A sixth embodiment of the present invention will next be described with reference to FIGS. 13 through 16. FIG. 13 shows an embodiment related to a layout of a semiconductor device of the present invention on a wafer. FIG. 14 is a diagram specifically illustrating an internal configuration of the semiconductor device shown in FIG. 13. In the present embodiment, detailed configurations and operations of respective portions can refer to those employed in the above-described embodiment. FIG. 15 is a diagram showing connecting portions employed in the present embodiment. FIG. 16 is a timing chart for describing the relationship between the operations of the respective portions. The present timing chart can be used even for understanding the operations performed by the above-described embodiment.

As shown in FIG. 13, a plurality of target devices DUT10, DUT11, . . . to be tested, such as the above-described semiconductor memory circuit 103 or the like are placed on a semiconductor wafer SU. Test management devices TMU10, TMU11, . . . each composed of the above-described test pattern generator 102, decision unit 104 and translation unit 105 or the like are respectively disposed adjacent to the target devices DUT10, DUT11, . . . These target devices and test management devices are partitioned by a scribe line SL10 used as a cutting region during a scribe process to be described later.

These target devices and test management devices are respectively connected to one another by connecting means W formed on the scribe line SL10. The transfer of data and control signals or the like between the two is performed.

FIG. 14 specifically illustrates configurations of the target device DUT10 and the test management device TMU10.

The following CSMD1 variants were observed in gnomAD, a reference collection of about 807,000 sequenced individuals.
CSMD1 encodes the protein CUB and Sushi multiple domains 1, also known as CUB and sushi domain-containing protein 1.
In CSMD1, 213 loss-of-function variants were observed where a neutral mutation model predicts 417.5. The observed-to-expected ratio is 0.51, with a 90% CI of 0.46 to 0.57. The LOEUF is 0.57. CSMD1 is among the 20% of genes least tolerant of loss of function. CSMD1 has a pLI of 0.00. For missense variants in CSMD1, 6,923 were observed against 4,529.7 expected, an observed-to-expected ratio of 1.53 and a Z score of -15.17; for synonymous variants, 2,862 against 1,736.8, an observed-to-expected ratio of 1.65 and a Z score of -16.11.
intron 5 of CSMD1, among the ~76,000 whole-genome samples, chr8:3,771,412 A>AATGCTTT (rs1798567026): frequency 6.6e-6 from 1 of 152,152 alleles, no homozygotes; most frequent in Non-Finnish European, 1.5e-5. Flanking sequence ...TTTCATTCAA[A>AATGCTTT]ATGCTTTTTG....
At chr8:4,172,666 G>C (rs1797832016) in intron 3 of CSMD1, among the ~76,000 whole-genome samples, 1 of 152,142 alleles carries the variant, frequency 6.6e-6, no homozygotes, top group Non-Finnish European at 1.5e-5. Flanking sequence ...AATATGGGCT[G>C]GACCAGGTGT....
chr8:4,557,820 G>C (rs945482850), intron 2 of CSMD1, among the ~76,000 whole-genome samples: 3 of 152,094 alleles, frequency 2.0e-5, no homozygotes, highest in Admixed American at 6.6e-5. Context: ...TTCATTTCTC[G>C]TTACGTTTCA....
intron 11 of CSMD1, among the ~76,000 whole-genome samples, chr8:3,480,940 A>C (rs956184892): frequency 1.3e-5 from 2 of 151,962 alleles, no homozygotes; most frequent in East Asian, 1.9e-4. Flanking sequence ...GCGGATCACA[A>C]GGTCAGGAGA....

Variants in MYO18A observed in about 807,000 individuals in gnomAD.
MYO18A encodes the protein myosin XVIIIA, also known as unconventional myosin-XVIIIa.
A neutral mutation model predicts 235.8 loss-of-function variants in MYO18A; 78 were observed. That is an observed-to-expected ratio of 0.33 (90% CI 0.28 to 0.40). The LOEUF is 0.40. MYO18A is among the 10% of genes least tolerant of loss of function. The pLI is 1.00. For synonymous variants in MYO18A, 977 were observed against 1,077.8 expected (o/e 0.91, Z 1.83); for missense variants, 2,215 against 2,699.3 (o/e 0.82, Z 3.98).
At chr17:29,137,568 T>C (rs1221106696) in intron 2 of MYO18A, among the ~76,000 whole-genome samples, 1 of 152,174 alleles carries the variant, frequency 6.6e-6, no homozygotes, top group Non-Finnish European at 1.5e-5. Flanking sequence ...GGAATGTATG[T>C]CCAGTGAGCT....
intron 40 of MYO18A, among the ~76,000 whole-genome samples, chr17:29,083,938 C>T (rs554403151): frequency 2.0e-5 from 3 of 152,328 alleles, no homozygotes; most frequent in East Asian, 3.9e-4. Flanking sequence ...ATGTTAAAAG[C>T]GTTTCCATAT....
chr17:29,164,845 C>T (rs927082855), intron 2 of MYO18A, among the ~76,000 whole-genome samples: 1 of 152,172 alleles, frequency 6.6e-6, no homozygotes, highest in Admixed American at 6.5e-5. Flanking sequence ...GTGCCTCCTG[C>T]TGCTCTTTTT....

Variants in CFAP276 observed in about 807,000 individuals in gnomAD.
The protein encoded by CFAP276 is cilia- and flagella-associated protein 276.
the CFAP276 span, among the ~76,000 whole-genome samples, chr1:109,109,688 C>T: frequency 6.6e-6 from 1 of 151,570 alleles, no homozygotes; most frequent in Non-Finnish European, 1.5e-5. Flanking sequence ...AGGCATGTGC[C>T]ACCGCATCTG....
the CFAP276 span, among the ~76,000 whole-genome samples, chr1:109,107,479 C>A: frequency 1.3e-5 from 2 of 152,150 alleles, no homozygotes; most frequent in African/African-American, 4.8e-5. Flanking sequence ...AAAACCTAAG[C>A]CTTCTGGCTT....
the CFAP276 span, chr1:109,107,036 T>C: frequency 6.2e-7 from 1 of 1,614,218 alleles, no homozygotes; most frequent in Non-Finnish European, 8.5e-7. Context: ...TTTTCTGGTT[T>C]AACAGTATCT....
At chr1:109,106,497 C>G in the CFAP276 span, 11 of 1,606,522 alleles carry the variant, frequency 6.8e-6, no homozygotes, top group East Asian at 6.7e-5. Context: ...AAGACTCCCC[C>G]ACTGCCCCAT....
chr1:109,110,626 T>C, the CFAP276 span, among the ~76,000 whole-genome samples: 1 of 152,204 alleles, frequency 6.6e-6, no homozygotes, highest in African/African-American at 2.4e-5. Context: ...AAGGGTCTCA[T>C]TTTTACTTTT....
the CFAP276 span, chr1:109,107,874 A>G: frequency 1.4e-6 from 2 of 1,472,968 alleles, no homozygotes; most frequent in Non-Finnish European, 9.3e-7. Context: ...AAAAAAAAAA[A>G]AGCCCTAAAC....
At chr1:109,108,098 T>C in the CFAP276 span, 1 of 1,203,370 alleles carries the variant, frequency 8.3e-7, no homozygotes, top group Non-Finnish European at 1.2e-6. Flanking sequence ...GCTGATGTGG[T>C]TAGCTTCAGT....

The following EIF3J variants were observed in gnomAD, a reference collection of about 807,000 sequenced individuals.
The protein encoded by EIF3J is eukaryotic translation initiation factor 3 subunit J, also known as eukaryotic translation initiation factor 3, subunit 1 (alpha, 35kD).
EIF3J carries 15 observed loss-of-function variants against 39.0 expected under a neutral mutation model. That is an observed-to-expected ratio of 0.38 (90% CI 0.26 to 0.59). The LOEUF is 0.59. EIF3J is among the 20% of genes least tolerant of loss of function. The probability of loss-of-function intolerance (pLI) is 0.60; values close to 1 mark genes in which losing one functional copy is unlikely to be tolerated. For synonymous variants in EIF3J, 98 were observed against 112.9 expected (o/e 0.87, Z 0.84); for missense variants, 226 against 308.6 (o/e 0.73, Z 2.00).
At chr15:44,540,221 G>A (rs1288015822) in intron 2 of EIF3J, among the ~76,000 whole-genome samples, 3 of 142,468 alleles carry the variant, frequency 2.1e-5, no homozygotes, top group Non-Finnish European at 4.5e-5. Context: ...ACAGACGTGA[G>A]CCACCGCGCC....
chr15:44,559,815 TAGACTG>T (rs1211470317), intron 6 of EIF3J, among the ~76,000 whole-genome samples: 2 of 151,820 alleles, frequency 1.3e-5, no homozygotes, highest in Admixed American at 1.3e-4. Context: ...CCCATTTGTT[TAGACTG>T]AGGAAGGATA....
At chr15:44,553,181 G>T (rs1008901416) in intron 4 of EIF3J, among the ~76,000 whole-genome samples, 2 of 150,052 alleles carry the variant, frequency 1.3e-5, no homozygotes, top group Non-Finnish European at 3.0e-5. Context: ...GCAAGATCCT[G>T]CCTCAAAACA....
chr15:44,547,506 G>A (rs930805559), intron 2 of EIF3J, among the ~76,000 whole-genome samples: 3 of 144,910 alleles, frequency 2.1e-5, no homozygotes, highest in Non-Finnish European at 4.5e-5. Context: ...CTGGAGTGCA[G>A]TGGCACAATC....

The test management device TMU10 comprises an interface EInt10 for receiving various instructions or commands from a test means 101 through input pads PI10, PI11, . . . , an interface EInt11 for outputting data to the test means 101 through output pads PO10, PO11, . . . , a test pattern generator 102 for receiving an instruction or command from the interface EInt10, an interface TInt10 for supplying an instruction or command issued from the test pattern generator 102 to the target device DUT10, an interface TInt 11 for receiving data from the target device DUT10, a determination or decision unit 104, and a converting or translation unit 105.

In response to a test start command outputted from the test means 101, the test pattern generator 102 supplies a test pattern and a test command to the interface TInt10 and supplies an expected value to the decision unit 104 as described above.

The interface TInt10 is electrically connected to an interface TI10 of the target device DUT10 through a connecting means W10. The semiconductor memory circuit 103 is tested in accordance with the test pattern and the test command supplied to the interface TI10. Data indicative of the result of its test is supplied to an interface TM10 as described in the aforementioned embodiment. The data supplied to the interface TM10 is supplied to the interface TInt 11 through a connecting means W11.

The data supplied to the interface TInt11 is compared with a reference value by the decision unit 104. The result of comparison is outputted to the translation unit 105 as the result of decision. The translation unit 105 performs address translation or the like as described above and supplies the result thereof to the interface EInt11.